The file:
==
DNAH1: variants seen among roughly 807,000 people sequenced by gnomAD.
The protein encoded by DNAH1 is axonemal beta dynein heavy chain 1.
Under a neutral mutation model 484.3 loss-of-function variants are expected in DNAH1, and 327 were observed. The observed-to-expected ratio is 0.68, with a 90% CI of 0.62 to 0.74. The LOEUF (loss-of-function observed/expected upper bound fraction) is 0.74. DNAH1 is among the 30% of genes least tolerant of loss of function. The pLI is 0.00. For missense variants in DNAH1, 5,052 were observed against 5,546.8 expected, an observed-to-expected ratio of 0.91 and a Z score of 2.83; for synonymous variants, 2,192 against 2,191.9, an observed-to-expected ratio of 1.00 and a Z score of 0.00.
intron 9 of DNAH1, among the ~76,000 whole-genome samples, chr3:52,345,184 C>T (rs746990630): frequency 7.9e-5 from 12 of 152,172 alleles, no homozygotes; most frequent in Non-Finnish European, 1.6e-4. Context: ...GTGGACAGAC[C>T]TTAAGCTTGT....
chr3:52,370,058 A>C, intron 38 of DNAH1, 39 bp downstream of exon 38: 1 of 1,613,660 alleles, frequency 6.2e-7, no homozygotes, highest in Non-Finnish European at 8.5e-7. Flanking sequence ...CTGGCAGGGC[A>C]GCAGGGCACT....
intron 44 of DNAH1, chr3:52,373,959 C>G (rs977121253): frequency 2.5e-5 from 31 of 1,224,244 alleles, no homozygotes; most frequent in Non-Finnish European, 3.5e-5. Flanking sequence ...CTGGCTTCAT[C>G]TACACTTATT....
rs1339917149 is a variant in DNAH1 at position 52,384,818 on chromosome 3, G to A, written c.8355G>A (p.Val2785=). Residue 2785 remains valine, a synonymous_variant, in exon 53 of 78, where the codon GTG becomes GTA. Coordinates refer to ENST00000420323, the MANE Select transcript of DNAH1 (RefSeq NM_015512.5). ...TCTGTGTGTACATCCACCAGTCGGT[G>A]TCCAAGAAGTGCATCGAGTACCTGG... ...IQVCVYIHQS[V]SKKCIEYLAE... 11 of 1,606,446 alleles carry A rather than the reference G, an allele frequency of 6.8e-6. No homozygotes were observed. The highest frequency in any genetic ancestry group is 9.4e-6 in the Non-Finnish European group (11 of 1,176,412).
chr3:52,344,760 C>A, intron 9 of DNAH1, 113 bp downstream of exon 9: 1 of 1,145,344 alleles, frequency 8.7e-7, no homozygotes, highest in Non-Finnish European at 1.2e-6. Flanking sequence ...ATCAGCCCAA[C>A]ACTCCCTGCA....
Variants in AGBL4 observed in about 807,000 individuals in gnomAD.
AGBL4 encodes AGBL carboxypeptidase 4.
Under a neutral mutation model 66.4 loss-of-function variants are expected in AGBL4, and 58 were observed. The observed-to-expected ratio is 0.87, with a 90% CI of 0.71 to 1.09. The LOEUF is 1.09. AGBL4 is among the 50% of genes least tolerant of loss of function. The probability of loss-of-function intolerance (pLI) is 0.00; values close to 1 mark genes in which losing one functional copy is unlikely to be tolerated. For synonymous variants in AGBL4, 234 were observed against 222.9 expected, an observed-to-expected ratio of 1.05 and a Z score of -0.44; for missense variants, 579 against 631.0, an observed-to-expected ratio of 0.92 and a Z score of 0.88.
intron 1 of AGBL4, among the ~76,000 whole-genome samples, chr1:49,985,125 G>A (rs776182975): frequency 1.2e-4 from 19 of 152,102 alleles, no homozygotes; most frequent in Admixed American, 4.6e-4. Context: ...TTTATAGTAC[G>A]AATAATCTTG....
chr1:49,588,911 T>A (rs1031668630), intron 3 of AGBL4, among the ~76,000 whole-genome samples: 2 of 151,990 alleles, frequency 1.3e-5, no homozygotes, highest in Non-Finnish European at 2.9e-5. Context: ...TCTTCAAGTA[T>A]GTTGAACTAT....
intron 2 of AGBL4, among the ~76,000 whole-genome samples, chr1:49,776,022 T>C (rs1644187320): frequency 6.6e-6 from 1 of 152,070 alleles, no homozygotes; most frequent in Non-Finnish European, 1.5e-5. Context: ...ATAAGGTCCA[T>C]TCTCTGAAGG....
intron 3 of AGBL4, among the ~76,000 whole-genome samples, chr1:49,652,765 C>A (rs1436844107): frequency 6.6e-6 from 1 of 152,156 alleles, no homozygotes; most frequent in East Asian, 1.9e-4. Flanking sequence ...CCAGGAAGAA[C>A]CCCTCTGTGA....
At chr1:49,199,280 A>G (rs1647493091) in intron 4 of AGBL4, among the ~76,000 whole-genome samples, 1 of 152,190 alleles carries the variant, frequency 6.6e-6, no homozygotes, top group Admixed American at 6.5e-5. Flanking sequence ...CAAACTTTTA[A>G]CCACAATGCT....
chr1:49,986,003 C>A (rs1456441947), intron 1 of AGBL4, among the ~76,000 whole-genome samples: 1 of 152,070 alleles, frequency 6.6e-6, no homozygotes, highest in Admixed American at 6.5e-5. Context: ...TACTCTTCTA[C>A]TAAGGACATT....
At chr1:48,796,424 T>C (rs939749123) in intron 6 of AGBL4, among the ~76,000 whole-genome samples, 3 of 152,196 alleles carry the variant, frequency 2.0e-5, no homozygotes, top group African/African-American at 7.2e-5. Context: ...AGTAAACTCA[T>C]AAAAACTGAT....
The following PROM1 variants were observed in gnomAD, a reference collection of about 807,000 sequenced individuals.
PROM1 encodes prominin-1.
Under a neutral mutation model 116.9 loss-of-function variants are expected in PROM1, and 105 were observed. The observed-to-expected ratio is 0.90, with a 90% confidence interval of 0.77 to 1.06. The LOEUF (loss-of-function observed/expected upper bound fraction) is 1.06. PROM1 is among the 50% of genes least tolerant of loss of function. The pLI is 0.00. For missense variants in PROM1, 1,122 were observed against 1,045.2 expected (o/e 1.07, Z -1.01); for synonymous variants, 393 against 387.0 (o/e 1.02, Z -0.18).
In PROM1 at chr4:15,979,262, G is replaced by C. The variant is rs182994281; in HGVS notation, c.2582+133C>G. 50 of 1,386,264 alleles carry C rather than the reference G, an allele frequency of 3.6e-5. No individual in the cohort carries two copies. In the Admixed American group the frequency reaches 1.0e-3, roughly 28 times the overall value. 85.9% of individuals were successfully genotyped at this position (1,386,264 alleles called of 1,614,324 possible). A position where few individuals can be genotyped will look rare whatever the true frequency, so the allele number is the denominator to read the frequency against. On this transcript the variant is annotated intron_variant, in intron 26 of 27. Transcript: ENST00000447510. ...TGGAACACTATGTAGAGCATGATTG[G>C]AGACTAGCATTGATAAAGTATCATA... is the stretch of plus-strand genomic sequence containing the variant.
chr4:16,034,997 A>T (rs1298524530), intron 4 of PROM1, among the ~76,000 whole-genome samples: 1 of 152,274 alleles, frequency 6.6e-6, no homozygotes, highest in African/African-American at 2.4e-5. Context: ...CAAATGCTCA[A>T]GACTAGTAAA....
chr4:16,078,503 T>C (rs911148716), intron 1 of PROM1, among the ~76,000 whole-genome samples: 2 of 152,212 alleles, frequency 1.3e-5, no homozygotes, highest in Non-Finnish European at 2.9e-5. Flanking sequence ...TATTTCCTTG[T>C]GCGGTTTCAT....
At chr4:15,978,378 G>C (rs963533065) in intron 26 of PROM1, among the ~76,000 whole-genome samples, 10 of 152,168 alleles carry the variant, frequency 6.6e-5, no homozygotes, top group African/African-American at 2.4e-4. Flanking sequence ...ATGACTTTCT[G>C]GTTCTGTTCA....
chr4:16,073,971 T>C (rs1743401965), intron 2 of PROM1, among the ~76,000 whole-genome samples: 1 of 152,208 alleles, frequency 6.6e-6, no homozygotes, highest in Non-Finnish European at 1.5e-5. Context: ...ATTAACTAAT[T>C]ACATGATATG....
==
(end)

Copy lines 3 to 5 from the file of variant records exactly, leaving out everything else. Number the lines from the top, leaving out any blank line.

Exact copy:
Under a neutral mutation model 484.3 loss-of-function variants are expected in DNAH1, and 327 were observed. The observed-to-expected ratio is 0.68, with a 90% CI of 0.62 to 0.74. The LOEUF (loss-of-function observed/expected upper bound fraction) is 0.74. DNAH1 is among the 30% of genes least tolerant of loss of function. The pLI is 0.00. For missense variants in DNAH1, 5,052 were observed against 5,546.8 expected, an observed-to-expected ratio of 0.91 and a Z score of 2.83; for synonymous variants, 2,192 against 2,191.9, an observed-to-expected ratio of 1.00 and a Z score of 0.00.
intron 9 of DNAH1, among the ~76,000 whole-genome samples, chr3:52,345,184 C>T (rs746990630): frequency 7.9e-5 from 12 of 152,172 alleles, no homozygotes; most frequent in Non-Finnish European, 1.6e-4. Context: ...GTGGACAGAC[C>T]TTAAGCTTGT....
chr3:52,370,058 A>C, intron 38 of DNAH1, 39 bp downstream of exon 38: 1 of 1,613,660 alleles, frequency 6.2e-7, no homozygotes, highest in Non-Finnish European at 8.5e-7. Flanking sequence ...CTGGCAGGGC[A>C]GCAGGGCACT....